Some treatments are commonly accepted by the jewelry industry
and do not necessarily require disclosure at the time of the sale
to the consumer.
Reputable Jewelers: The jewelry industry runs on ethics,
honesty and very often the handshake deal. A jeweler's solid reputation
is his or her livelihood if they expect to maintain the public's
trust. Their financial stability and ethical behavior are just
as important if they want to do business in the time honored fashion
with reputable wholesalers
Reputable Mines, Manufacturers and Wholesalers: Likewise,
the mine operators and subsequent manufacturers and wholesalers
must be reputable, especially in disclosing to the jeweler any
information about the jewelry or gemstones which the public might
need to know. Self-regulation and the dissemination of information
within the industry is a critical aspect of it, especially where
gemstones are concerned.
Gemstone Treatments and Enhancements: Disclosing gemstone
treatments or enhancements at each and every step along a stone's
journey from ground to store is essential to fairly pricing gemstones.
Individual jewelers may not have the equipment or the time to
test each and every stone thoroughly, especially smaller stones
which are are bought in lots for repair or manufacturing purposes.
So each jeweler must find honest and trusted sources for their
stones, and spot check lots frequently to be sure that everyone
along the way has done their jobs. Inevitably, some stones sneak
through - again, usually the smaller, less noticeable stones.
But when real money is at stake, both the jeweler and the consumer
need to be as knowledgeable as possible about the gemstone they
are paying for..
Guidelines are often unwritten but known
throughout the industry, and may differ according to the type
of stone, or the size of a stone as compared to others like it.
Common Enhancements, Disclosed or Not Disclosed. Certain
gemstones have been treated throughout history - so much so that
all stones are assumed to have been treated and only larger stones
would be singled out for examination in the hopes of increasing
the price as a prime color, untreated stone would be worth more.
Aquamarines, Sapphires and Tanzanites fall in to these categories.
Example: An example of an acceptable, common and rarely
disclosed treatment would be the heating of some gemstones to
improve their color. A jeweler would not bother to examine a parcel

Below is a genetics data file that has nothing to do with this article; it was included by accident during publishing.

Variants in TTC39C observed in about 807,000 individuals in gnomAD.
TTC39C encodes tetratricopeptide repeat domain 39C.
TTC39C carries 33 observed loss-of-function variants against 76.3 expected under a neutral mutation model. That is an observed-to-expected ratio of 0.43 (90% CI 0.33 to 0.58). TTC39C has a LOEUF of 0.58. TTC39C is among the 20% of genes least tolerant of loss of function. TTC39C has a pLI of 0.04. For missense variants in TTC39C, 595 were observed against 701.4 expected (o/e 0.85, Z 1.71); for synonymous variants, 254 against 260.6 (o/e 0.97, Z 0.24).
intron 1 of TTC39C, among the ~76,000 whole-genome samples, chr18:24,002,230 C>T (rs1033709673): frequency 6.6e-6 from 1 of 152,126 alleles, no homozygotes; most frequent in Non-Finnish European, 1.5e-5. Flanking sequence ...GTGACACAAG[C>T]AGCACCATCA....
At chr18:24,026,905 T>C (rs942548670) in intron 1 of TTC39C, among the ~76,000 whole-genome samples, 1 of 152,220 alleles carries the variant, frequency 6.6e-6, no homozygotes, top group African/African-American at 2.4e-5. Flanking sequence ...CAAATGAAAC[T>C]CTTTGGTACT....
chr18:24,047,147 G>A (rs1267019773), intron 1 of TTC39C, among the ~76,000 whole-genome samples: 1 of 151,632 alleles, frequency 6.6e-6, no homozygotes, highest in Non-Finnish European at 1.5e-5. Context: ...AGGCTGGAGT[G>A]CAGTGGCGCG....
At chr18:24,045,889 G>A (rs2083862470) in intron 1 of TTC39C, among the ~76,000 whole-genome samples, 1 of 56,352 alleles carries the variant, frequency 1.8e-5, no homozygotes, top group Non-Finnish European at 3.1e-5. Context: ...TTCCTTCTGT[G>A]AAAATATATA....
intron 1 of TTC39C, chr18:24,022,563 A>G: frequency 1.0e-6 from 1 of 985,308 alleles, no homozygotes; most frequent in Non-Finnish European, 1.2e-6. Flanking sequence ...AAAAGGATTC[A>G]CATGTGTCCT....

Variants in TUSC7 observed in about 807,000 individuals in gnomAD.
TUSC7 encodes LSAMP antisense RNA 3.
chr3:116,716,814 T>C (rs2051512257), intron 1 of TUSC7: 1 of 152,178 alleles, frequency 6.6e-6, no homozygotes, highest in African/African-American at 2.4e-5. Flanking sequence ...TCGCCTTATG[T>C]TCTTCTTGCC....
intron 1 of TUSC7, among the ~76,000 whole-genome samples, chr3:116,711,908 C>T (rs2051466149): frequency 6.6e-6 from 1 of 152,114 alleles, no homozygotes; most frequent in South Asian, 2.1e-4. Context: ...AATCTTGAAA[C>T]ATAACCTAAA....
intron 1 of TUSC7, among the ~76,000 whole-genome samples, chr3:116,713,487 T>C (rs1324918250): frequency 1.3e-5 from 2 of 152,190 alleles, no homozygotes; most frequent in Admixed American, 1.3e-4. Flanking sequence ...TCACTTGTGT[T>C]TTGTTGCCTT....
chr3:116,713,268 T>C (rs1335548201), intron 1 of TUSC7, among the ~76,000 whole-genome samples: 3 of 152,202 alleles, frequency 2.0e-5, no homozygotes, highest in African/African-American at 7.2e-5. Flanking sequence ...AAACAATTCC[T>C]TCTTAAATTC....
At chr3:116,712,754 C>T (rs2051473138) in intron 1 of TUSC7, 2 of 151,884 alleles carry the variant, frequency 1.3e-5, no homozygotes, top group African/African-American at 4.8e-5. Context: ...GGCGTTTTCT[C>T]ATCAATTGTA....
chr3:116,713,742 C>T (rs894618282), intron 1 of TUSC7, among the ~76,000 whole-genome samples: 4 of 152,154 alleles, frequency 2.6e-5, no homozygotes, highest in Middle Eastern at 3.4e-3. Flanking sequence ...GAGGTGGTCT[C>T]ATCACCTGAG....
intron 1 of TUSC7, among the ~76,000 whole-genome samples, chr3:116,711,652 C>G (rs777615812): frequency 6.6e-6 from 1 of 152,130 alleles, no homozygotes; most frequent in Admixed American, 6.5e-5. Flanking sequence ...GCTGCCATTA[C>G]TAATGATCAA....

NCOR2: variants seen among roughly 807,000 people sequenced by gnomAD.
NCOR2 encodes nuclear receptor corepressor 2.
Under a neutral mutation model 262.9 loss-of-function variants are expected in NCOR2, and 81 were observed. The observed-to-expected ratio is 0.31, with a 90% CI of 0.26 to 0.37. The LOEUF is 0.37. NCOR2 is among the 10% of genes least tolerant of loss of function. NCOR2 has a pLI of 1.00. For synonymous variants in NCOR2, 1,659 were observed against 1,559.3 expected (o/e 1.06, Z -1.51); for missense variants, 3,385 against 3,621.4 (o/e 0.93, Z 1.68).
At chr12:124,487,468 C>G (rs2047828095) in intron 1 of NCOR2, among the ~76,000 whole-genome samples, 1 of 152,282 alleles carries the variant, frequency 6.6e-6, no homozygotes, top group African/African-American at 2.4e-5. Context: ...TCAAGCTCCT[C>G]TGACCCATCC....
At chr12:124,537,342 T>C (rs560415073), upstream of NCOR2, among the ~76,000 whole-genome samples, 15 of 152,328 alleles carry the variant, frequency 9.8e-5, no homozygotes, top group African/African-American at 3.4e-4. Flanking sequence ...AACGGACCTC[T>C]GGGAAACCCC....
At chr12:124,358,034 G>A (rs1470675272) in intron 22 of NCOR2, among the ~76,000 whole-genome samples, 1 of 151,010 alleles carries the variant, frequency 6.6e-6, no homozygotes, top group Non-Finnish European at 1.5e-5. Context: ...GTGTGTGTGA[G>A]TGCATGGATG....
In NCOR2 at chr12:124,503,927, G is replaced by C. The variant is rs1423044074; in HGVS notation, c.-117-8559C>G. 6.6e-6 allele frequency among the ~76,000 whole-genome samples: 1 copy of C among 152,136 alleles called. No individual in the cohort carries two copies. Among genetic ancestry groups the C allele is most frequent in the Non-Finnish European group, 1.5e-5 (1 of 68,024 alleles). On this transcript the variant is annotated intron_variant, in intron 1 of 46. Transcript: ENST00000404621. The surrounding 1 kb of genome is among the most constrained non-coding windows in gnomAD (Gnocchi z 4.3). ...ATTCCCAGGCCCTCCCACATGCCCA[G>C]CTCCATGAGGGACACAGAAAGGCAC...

of reasonably priced, small to tiny blue sapphires bought from
a reputable wholesaler, as it would be assumed that some, if not
all, had been treated to improve the color. Sapphires are routinely
heated to bring them to their top color, and often heat treatment
will change the color to a more desirable color, like yellow,
pink or green. However, an exceptionally fine and large stone
would be examined for treatment at just about every step from
mine to consumer, as a natural untreated sapphire of top color
would be worth more than a treated one and this fact would be
noted to the jeweler and the consumer.
Common Enhancements, Used To Take Advantage. Some treatments
are meant to make a less desirable stone seem more valuable, and
while some of these treatments are also common to the industry,
it is important that the consumer be told at the time of the sale
that the stone has been "enhanced" to look better. In
some cases just making sure the stone or mounted jewelry be labeled,
priced and sold in line with industry standards for that kind
of stone is all that is necessary. Some companies actually make
the enhancement a selling point as in the case of fracture-filled
diamonds from companies like Yehuda
It is only when treated stones are passed
for untreated stones and sold for much more than they are worth
that the wholesalers, jewelers, and ultimately the consumer suffer.
The topics below discuss gemstone terminology, consumer information
on inexpensive birthstone jewelry, and some common gemstones used
in jewelry and the treatments which are commonly used on them,
the reason the treatment is necessary, how often it is done, the
stability of it, and any special care that the stone requires
Treatments Which Are Not Generally Disclosed
Treatments Which Should Be Disclosed.
Birthstone Jewelry Discussion.
What is a Fake,
or Treated gemstone?
We hope you enjoy our discussion of gemstones and
their treatments and enhancements. Please be sure to Email
us if you have any questions.